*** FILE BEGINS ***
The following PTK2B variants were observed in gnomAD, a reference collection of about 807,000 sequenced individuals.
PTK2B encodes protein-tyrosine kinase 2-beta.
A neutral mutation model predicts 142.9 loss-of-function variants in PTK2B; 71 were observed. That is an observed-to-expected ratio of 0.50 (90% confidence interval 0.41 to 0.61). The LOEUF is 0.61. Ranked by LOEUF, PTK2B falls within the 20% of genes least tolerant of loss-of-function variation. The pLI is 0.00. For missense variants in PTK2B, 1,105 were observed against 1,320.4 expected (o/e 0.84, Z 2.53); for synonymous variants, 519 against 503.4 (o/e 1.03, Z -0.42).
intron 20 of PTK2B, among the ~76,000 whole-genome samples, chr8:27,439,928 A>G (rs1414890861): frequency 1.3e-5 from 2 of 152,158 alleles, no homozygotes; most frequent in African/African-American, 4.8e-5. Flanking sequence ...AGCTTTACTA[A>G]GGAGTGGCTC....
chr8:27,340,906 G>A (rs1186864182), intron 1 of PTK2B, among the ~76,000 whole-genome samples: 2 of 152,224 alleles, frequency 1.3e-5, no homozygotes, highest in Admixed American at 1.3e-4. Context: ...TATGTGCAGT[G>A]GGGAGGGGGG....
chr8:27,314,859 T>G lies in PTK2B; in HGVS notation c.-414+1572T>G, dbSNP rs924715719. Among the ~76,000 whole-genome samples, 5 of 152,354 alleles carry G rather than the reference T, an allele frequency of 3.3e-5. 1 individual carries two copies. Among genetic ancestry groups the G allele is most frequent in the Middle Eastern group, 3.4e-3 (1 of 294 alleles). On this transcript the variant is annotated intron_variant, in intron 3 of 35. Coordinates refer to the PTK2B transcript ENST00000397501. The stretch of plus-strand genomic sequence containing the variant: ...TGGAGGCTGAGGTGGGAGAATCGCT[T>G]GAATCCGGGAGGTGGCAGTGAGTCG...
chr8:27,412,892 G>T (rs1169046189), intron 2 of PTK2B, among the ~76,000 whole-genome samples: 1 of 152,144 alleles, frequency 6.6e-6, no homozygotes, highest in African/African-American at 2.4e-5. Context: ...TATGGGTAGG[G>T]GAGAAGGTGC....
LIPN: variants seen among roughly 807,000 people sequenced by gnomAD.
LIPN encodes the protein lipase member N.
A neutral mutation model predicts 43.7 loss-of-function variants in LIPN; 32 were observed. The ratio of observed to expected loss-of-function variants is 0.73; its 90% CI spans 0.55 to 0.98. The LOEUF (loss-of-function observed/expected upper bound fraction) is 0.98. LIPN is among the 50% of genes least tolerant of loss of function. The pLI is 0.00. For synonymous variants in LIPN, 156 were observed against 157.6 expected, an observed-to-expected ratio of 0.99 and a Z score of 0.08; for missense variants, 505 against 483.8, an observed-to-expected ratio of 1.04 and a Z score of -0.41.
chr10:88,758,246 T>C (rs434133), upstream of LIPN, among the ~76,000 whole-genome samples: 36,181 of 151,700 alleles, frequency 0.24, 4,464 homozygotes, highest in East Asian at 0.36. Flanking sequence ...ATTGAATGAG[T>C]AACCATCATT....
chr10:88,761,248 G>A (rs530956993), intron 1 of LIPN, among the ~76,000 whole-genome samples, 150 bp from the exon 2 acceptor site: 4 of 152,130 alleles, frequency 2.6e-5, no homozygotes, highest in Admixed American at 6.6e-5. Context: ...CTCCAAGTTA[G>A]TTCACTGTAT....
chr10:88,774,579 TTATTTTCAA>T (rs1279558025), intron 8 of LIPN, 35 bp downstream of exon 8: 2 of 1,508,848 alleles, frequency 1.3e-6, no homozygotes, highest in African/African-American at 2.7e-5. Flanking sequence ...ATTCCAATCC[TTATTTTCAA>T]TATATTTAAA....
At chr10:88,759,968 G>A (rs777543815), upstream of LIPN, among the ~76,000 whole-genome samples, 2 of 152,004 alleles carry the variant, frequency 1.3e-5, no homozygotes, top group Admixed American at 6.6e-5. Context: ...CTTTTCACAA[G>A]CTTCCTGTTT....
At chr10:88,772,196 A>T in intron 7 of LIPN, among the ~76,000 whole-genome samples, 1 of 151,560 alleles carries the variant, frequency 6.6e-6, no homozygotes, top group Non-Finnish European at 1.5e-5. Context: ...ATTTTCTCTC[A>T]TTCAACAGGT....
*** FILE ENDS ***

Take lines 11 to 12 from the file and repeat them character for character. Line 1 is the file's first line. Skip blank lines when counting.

chr10:88,758,246 T>C (rs434133), upstream of LIPN, among the ~76,000 whole-genome samples: 36,181 of 151,700 alleles, frequency 0.24, 4,464 homozygotes, highest in East Asian at 0.36. Flanking sequence ...ATTGAATGAG[T>C]AACCATCATT....
chr10:88,761,248 G>A (rs530956993), intron 1 of LIPN, among the ~76,000 whole-genome samples, 150 bp from the exon 2 acceptor site: 4 of 152,130 alleles, frequency 2.6e-5, no homozygotes, highest in Admixed American at 6.6e-5. Context: ...CTCCAAGTTA[G>A]TTCACTGTAT....